The next time they met in regard to the transfer of the territory - the next time Alfred and Ivan met at all, really - was at the ceremony in the territory itself, where Russian-America officially became Alaska, the newest territory of the United States of America. Alfred found Ivan after the formal ceremony, nearly tripped over him, actually, where he was sitting on a bench on the side of the governor's house.
"This isn't your place anymore," Alfred said, adopting a mock-harsh tone although his smile gave him away. "I don't think General Davis would appreciate you being here. At least, when he moves in he won't; they're all still down by the flagpole, celebrating." He jerked a thumb in the direction from which he came.
Ivan didn't much care what General Davis thought, as he was officially pulling out of this territory... well, now, as soon as the ships were loaded and everyone who wanted to go had been loaded with their luggage. "Vodka?" he asked Alfred, offering him the bottle and thus changing the subject in the most effective way he knew.
Alfred took it - of course he did; Ivan had noticed that the young nation tended never to refuse free liquor when it was offered - and also took a large gulp, tossing his head back to swallow. He hissed, baring his teeth in a fierce grin as the alcohol burnt its way down his throat. "I dunno how you always drink this stuff," he told Ivan, handing the bottle back as he took a seat beside him on the bench. "It's so strong."
"The second sip, it is better," Ivan told him, taking another drink himself. The alcohol was good to warm you inside, thus making vodka a perfect drink for the Alaskan wilderness. He felt the liquor burn down his throat to settle in his mostly empty stomach. It sloshed when he moved - a strange sensation to which he had become accustomed over years of winter famine.
"I know, I know," Alfred said, taking the bottle from Ivan and treating himself to another large swallow. "The second swig is better, and then the third and the fourth, and by then you're drunk so it doesn't matter." He passed the bottle back. "It's a great way to break the ice, though."
Ivan gestured at the snowy ground. "Da," he said, the passage of words eased and somehow aided by the liquor. "That is why I brought it with me."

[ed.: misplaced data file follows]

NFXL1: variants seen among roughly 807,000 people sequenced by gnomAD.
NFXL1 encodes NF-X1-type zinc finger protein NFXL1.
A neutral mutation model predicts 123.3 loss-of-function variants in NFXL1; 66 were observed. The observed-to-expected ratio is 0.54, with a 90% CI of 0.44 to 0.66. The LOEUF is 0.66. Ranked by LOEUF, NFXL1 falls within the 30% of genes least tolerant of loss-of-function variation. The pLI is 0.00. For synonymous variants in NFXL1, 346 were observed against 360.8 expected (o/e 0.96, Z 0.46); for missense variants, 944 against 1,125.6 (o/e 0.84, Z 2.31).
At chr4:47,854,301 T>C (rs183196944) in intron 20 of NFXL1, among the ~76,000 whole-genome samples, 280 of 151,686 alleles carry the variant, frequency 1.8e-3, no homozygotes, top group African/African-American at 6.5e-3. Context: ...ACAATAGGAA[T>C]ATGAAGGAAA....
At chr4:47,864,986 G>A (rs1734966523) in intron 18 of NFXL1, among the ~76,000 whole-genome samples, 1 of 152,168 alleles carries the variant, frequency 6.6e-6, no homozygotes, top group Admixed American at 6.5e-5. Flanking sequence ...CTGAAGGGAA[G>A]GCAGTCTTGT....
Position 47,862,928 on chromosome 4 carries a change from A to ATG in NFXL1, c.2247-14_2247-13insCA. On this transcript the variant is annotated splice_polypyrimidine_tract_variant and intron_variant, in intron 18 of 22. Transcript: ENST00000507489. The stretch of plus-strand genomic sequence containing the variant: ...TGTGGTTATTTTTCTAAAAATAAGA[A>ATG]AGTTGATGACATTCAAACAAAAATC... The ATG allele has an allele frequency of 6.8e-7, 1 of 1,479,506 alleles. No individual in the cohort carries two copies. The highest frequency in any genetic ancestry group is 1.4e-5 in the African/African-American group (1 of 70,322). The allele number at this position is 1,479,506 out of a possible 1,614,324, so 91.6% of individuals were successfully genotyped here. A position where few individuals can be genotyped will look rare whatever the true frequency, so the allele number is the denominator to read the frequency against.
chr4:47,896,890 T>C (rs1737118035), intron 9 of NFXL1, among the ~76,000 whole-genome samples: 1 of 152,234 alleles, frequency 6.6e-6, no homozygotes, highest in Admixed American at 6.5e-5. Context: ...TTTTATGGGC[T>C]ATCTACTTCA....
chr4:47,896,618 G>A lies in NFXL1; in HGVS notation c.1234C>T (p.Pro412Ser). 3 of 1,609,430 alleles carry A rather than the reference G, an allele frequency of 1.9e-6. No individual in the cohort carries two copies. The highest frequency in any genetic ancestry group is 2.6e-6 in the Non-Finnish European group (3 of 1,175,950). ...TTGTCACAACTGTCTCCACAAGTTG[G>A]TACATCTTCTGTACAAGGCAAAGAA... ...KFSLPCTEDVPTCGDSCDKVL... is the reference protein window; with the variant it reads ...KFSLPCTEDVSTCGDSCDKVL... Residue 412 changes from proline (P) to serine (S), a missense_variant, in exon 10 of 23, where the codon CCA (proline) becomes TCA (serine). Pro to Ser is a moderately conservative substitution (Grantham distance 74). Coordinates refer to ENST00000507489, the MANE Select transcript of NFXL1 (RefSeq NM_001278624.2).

Alfred looked at him blankly for a moment, his eyes cornflower blue and mimicking the bright blue sky above them, before blinking, grinning, and then bursting out with laughter. "You just," he said, doubling over with merriment. "You just made a joke."
Ivan's mouth twitched and, unable to help himself, he gave a genuine smile, the first in a very, very long time. His lips were slightly chapped and it hurt. "I did," he agreed, taking another drink of the vodka. If he squinted, he could see the American flag flying by the Sitka harbor, where before was the flag of his own empire. It matched the blue of the ocean and the white of the snow. The only thing missing was the red (blood of otters blood of seals blood of walruses and blubber splashed steaming on the snow, blood of dogs blood of men, blood and bones and cannon fire).
Alfred's laughter died down soon enough, probably would have stopped sooner were he not (Ivan assumed) already slightly drunk. Most other countries did not have his tolerance for strong alcohol. "It's funny to think about, huh?" he mused, leaving Ivan totally lost.
"Think about what?" he asked, turning to glance at Alfred, whose mood seemed to have changed completely. He, too, was gazing at the American flag flying high above the newest addition to the United States.
"This!" Alfred replied, gesturing at their surroundings. "I mean, it's weird to think... You're practically in my backyard, now!" He laughed. "And I suppose, if I got a boat or something here, I could just canoe on over to Russia and say hi!"
"You would be in Siberia," Ivan pointed out. "And I am in Moscow. You do not want to go to Siberia." No one did. But some went anyway.
"Well, I know that," Alfred said. "But... It's just weird. To have territory so... close to another continent. I mean, I'm used to being between Canada and Mexico, but that's them. I mean, Europe... Asia," he corrected himself swiftly at Ivan's look. "I know it's in Asia. But you're in Europe too and..." He nodded decisively. "It's weird. But..." He looked away from Ivan and back at the American flag - and beyond it, the blue ocean stretching to infinity, or to Russia. "I sort of like it."
If Ivan's country could be surrounded by seas on two sides, two less powerful neighbors on the other sides, he would take it in a heartbeat and never let anyone close for invasions or spheres of influence or colonization or any other interference. "Why?" he asked.